Congressional Committees Hold Multiple China-Focused Hearings: Congressional committees held a number of hearings devoted either exclusively to China or to issues where China featured prominently over the past two weeks, continuing the bipartisan focus on U.S.-China relations that has been a consistent feature of the 118th Congress. On April 18, the House Select Subcommittee on the Coronavirus Pandemic held a hearing on the origins of the COVID-19 pandemic. As part of his testimony before the subcommittee, former Director of National Intelligence John Ratcliffe noted that “a minority opinion ... is currently holding back the CIA from concluding that ... COVID-19 was the result of experiments at the Wuhan Institute of Virology,” lending further support to the COVID-19 lab leak theory. On April 18, the House Foreign Affairs (HFAC) Subcommittee on Africa held a hearing entitled “Great Power Competition Implications in Africa: The Chinese Communist Party.” The hearing focused on U.S. competition with China across the African continent, including in the mining of critical minerals such as cobalt and interference by China’s government in democratic processes in African countries. HFAC held two other hearings focused on China in the same week,: on April 18, “Surrounding the Ocean: PRC Influence in the Indian Ocean,” which focused on China’s use of the Indian Ocean as a key transport route for goods such as oil and natural gas, among other issues—, and on April 20, “China’s Political Prisoners: Where’s Gao Zhisheng,” which centered around China’s detainment of Chinese human rights attorney Gao Zhisheng, as well as other political prisoners. China was also a focal point in a House Ways and Means Committee hearing entitled “The U.S. Tax Code: Subsidizing Green Corporate Handouts and the Chinese Communist Party.” Among other issues, the panel discussed the potential for the U.S. government to rejoin the Comprehensive and Progressive Agreement for Trans-Pacific Partnership (CPTPP) and negotiate further trade agreements with countries in the Indo-Pacific to counter China’s growing influence in the region.
Republican Senators Urge Biden Administration to Sanction Chinese Cloud Service Providers: On April 25, Sen. Bill Hagerty (R-TN) led a group of nine senators in a letter to the Department of the Treasury, Department of Commerce and Department of State urging the Biden administration to impose sanctions against Huawei Cloud and other People’s Republic of China (PRC) cloud service providers. The letter was coauthored by Sens. Thom Tillis (R-NC), Marco Rubio (R-FL), Steve Daines (R-MT), Ted Cruz (R-TX), Joni Ernst (R-IA), Katie Britt (R-AL), Kevin Cramer (R-ND) and Dan Sullivan (R-AK). The letter called on the Biden administration to administer “sanctions, export restrictions, and investment bans” among other provisions against PRC-based cloud computing services. The letter cited links between companies such as Alibaba Cloud and the Chinese government, noting that “Alibaba Cloud is widely known to provide services to the PRC military, security, and intelligence agencies.” The letter also notes that Huawei’s cloud services subsidiary, Huawei Cloud, was found to have used its technologies to enable Chinese government surveillance, including to “monitor political dissidents, manage ideological reeducation and labor schedules for prisoners, and help retailers use facial recognition to track shoppers.” The letter also urged the Biden administration to further investigate Huawei Cloud, Alibaba Cloud, Baidu Cloud, Tencent Cloud and other similar companies based in China for their operations in the United States that may “negatively impact [U.S.] national security and foreign policy interests.” On April 26, Secretary Raimondo said that Chinese cloud service providers posed a threat to U.S. national and economic security, testifying at a Senate Appropriations Subcommittee on Commerce, Justice, Science, and Related Agencies hearing on the Department of Commerce’s FY24 budget request. Secretary Raimondo noted she was in “broad agreement” with a question posed by Sen. Hagerty, who asked whether PRC cloud service providers posed threats to U.S. security “given the far reach of China’s national security related laws and their military-civil fusion strategy.”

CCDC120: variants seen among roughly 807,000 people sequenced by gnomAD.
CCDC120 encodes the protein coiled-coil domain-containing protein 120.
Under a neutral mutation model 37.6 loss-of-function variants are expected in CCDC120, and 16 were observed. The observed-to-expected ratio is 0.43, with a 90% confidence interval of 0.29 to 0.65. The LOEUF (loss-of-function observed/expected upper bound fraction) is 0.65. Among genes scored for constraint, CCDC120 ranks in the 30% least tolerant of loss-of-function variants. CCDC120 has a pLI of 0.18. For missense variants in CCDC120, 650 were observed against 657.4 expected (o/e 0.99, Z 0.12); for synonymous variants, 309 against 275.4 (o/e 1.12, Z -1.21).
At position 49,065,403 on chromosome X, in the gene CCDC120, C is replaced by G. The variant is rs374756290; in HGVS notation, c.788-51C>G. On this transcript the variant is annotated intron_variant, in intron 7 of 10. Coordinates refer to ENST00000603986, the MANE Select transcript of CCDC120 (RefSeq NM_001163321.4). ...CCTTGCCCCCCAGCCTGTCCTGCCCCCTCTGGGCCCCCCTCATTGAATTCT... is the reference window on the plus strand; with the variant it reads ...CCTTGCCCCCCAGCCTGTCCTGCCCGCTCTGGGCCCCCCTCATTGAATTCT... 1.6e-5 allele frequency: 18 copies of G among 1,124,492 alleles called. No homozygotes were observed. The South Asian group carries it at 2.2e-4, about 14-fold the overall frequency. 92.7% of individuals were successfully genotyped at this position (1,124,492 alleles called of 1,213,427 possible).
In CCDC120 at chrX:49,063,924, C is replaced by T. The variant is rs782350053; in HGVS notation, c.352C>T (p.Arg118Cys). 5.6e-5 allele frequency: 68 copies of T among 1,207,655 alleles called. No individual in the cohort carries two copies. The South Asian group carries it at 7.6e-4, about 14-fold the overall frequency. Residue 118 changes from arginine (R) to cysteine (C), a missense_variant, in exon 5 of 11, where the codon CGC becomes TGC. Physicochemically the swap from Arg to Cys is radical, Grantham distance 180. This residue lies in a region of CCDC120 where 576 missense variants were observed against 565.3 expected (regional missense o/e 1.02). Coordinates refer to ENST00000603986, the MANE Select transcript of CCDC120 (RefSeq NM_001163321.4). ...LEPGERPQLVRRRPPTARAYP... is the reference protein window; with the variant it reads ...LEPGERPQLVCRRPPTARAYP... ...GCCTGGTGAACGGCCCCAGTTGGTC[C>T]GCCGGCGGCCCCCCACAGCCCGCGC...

Department of Commerce
Republican Senators Call on Commerce Department to Include Chinese Aerospace Manufacturer in MEU List: On April 25, Sens. Rick Scott (R-FL) and Marco Rubio (R-FL) authored a letter to Under Secretary of Commerce for Industry and Security Alan Estevez, urging the Department of Commerce to include Commercial Aircraft Corporation of China (COMAC) on the Military End User (MEU) List. The letter notes that COMAC is a critical component of China’s “military-civil fusion,” which allows China’s government to utilize technology and research findings gained by joint activities between Chinese and Western private companies. Citing that China’s government continues to acquire dual-use aerospace technologies “through trade as well as forced joint venture and partnerships,” the senators urged the Department of Commerce to add COMAC to the MEU List, adding that multiple COMAC parent entities were already included in the list. The MEU List includes entities that have been determined to be “military end users,” and prohibits added entities from receiving items subject to Part 744 of the Export Administration Regulations (EAR) that may be used for military purposes without a license from the Bureau of Industry and Security (BIS).

On the Calendar

House Select Committee on Competition Between the United States and Chinese Communist Party
Technology and Economic Comparatives
May 17, 7:00 p.m.
Private Sector
Stimson Center
Conversation with Nicholas Burns, U.S. Ambassador to China
May2, 8:30 a.m.
Woodrow Wilson Center
The Future of Central Asia’s Development: Between Russia and China
May 2, 10:00 a.m.
Woodrow Wilson Center
Tackling Climate Super Pollutants in China
May 9, 9:00 a.m.
Peterson Institute
Will China’s Financial Sector Remain Forever State-Dominated?
May 10, 9:00 a.m.